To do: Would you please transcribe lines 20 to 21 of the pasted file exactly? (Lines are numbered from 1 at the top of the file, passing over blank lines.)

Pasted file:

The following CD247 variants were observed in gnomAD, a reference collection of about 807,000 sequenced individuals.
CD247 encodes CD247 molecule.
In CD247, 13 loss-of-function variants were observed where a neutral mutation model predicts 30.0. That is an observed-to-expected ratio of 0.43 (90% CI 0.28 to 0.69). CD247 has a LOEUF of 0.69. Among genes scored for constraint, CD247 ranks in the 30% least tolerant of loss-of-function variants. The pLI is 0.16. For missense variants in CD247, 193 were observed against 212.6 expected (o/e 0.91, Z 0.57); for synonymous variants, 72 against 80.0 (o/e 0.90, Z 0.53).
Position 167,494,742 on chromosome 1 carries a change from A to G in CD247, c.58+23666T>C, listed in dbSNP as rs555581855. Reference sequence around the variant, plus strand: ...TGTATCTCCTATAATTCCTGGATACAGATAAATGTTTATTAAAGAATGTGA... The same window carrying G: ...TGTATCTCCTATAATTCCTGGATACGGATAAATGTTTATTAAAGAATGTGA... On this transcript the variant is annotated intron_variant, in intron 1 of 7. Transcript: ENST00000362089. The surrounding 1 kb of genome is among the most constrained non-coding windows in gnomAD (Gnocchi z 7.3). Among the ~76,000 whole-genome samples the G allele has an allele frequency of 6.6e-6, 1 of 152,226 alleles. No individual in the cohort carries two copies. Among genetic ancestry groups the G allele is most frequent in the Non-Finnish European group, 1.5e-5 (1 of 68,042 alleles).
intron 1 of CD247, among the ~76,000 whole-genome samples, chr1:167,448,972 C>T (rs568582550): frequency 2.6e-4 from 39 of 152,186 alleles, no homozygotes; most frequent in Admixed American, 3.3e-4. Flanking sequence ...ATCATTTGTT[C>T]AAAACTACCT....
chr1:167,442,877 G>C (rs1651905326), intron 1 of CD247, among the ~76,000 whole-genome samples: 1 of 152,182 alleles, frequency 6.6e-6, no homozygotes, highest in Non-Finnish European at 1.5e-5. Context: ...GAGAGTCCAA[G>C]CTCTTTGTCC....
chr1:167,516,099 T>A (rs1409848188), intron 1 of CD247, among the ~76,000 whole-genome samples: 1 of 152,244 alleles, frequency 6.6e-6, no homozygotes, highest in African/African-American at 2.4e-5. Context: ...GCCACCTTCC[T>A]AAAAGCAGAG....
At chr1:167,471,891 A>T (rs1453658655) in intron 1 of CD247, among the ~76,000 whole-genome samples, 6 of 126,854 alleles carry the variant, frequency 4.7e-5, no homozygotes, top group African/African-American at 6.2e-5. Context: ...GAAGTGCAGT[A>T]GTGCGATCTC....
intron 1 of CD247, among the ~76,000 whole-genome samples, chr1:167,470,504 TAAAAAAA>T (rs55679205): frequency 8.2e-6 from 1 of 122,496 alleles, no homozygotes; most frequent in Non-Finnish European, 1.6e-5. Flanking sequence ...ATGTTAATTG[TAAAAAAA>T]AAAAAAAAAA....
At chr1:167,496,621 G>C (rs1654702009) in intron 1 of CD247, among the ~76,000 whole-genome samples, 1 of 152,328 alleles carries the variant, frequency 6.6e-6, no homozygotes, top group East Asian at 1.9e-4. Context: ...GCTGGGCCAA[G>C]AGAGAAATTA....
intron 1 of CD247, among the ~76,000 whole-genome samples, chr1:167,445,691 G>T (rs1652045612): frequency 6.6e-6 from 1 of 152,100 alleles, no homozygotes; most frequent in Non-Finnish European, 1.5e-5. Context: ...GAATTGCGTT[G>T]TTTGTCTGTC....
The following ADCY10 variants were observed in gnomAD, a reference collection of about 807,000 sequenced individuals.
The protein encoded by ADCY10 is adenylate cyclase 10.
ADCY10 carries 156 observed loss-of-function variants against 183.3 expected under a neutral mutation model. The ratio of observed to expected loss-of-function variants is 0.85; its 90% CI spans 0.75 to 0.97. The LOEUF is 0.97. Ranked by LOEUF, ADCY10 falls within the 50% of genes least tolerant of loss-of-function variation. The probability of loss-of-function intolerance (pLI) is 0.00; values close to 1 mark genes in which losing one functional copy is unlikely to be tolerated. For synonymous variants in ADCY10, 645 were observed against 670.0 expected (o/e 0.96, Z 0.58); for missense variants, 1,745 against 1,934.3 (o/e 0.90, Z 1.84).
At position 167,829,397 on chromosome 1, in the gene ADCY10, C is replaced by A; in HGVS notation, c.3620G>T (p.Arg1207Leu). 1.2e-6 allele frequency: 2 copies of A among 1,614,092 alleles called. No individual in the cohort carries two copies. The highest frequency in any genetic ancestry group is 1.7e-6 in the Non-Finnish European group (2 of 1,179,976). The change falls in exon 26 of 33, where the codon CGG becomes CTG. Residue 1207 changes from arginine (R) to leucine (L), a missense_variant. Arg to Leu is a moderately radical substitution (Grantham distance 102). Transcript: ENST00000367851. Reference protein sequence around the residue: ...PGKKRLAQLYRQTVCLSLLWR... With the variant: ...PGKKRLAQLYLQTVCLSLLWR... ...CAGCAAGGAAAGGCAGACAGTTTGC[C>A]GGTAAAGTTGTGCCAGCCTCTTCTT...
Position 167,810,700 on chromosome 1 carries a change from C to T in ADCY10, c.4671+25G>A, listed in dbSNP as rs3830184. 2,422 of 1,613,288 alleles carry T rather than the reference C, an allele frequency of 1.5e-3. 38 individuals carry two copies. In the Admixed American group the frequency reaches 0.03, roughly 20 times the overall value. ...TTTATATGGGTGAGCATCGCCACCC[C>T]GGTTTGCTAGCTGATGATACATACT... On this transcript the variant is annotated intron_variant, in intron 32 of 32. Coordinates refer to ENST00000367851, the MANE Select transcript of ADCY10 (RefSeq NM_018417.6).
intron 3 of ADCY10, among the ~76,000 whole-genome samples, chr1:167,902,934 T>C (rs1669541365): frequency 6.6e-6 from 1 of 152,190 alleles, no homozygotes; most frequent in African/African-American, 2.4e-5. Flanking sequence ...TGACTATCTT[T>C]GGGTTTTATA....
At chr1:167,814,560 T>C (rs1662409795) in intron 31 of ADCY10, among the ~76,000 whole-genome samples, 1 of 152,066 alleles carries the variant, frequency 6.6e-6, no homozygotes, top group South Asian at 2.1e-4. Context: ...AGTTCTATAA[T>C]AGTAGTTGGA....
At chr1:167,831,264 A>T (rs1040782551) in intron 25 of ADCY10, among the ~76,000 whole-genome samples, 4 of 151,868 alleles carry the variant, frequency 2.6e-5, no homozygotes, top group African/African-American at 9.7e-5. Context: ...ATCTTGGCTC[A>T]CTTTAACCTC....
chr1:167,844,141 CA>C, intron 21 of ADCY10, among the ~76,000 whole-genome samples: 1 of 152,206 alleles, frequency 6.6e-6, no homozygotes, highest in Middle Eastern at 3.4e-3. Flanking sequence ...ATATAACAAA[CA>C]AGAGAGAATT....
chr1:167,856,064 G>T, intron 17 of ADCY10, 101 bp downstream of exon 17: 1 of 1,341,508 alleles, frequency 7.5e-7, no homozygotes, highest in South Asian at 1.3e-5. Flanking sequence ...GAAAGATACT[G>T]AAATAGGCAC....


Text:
chr1:167,844,141 CA>C, intron 21 of ADCY10, among the ~76,000 whole-genome samples: 1 of 152,206 alleles, frequency 6.6e-6, no homozygotes, highest in Middle Eastern at 3.4e-3. Flanking sequence ...ATATAACAAA[CA>C]AGAGAGAATT....
chr1:167,856,064 G>T, intron 17 of ADCY10, 101 bp downstream of exon 17: 1 of 1,341,508 alleles, frequency 7.5e-7, no homozygotes, highest in South Asian at 1.3e-5. Flanking sequence ...GAAAGATACT[G>T]AAATAGGCAC....